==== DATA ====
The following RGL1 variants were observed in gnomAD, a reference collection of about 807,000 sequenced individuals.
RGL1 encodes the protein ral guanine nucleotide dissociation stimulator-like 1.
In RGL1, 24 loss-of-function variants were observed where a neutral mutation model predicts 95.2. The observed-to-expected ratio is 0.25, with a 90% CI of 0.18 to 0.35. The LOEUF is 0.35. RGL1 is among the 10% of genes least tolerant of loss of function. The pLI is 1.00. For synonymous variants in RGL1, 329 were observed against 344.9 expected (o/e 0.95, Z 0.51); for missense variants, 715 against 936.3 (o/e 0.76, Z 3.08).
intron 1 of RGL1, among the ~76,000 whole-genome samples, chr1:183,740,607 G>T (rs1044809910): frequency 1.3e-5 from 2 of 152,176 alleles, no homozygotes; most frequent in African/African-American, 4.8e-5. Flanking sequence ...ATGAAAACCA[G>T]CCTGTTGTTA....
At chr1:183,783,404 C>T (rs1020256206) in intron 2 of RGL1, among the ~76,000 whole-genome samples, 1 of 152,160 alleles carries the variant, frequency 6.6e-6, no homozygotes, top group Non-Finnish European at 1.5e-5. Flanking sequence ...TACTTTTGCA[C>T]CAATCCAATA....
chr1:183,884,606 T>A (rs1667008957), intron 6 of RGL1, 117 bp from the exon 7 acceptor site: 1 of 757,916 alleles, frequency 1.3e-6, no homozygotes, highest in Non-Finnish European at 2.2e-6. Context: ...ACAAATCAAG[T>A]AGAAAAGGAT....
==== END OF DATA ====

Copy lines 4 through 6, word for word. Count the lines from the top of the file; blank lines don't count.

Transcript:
intron 1 of RGL1, among the ~76,000 whole-genome samples, chr1:183,740,607 G>T (rs1044809910): frequency 1.3e-5 from 2 of 152,176 alleles, no homozygotes; most frequent in African/African-American, 4.8e-5. Flanking sequence ...ATGAAAACCA[G>T]CCTGTTGTTA....
At chr1:183,783,404 C>T (rs1020256206) in intron 2 of RGL1, among the ~76,000 whole-genome samples, 1 of 152,160 alleles carries the variant, frequency 6.6e-6, no homozygotes, top group Non-Finnish European at 1.5e-5. Flanking sequence ...TACTTTTGCA[C>T]CAATCCAATA....
chr1:183,884,606 T>A (rs1667008957), intron 6 of RGL1, 117 bp from the exon 7 acceptor site: 1 of 757,916 alleles, frequency 1.3e-6, no homozygotes, highest in Non-Finnish European at 2.2e-6. Context: ...ACAAATCAAG[T>A]AGAAAAGGAT....